Dr Abigail Winter is a transdisciplinary independent scholar, whose day job is working at the Information Coordinator in QUT’s Reporting and Analysis section. Her research interests vary broadly around the higher education sector, including organisational change management, journalism, student employability, research methods, and teaching and learning. She is an Associate Fellow of the Higher Education Academy (UK) and can be contacted at firstname.lastname@example.org. Susan Gasson is the Manager of the Research Students’ Centre at QUT. She writes on research methods and HDR issues, including student mobility and internationalisation, and is currently planning her own doctoral research project. In this post they write about their use of Excel to track research writing and reading.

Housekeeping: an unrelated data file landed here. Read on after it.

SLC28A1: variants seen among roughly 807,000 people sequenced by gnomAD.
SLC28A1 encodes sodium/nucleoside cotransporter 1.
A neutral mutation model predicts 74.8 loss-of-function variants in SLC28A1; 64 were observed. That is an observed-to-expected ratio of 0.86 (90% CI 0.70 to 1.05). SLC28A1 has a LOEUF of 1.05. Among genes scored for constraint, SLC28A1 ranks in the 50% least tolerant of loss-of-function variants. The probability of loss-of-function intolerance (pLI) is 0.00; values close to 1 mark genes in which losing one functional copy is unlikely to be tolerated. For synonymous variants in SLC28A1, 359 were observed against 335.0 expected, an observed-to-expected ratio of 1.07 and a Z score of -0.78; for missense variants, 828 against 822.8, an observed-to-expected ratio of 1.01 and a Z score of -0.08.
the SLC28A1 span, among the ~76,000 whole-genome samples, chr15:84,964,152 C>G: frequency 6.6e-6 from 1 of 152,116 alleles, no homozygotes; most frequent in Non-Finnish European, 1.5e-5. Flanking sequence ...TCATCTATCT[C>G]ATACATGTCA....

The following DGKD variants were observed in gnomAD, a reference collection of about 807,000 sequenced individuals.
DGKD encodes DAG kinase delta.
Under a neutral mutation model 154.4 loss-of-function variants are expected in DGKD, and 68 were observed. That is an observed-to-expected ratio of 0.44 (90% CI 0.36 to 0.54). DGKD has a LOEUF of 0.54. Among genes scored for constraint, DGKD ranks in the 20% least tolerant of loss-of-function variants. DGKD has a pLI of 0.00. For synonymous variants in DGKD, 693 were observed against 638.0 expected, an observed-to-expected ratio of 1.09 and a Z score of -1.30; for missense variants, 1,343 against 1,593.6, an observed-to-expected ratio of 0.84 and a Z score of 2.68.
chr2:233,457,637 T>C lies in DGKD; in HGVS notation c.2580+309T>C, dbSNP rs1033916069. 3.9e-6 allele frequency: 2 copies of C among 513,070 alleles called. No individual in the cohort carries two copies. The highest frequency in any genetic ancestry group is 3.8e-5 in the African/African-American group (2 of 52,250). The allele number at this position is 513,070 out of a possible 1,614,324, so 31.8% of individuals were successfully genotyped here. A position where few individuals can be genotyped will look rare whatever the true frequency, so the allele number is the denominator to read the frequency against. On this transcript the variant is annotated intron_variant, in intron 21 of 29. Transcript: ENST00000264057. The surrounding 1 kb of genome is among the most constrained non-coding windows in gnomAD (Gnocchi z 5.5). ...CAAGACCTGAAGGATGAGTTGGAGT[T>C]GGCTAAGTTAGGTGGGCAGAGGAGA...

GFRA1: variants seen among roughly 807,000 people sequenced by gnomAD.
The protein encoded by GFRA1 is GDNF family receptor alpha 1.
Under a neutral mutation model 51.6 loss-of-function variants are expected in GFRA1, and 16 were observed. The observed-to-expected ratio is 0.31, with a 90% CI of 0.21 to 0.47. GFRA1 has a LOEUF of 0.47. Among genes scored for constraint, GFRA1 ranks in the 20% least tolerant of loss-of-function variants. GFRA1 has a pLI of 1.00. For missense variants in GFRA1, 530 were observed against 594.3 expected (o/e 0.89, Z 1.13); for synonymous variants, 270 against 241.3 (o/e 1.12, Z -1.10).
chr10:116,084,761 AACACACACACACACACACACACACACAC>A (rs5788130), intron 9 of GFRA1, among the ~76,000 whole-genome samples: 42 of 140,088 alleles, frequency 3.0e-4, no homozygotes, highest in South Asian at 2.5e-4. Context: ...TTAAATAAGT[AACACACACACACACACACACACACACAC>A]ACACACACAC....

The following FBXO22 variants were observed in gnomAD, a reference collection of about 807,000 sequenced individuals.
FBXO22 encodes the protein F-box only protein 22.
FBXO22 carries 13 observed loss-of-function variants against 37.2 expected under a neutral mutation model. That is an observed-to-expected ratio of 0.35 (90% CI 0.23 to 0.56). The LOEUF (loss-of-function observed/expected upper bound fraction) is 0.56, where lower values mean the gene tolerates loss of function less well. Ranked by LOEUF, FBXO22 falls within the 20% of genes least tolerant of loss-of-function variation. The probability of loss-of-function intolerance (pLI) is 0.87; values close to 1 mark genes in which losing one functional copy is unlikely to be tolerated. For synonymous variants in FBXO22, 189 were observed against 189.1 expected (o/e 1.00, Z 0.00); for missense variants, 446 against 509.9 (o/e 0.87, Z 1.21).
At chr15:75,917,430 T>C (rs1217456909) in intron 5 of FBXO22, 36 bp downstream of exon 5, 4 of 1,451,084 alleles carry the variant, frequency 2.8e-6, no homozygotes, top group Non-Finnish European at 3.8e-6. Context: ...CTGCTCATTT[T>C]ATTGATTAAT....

By Abigail Winter and Susan Gasson
I began 2016, as so many previous years, with the intention of becoming more productive. As a bibliophile since the age of about 4 years old, my first place to go was therefore the university library – a haven of wonderful ideas in print form. And, quite literally, a gold mine of brilliance in this case. I found Paul Silvia’s How to write a lot, and devoured it in less than 24 hours, then bought a copy for myself. And it prompted the scheduler that Susan Gasson kindly presented at this year’s Doctoral Writing SIG meeting.
In an almost throw-away fashion, Silvia mentions that he uses a simple database to track his writing each day, as one of his strategies for writing a lot. I took the idea and started by tracking my reading (because that was all I had done for the first fortnight of the year – no writing at that point). Continue reading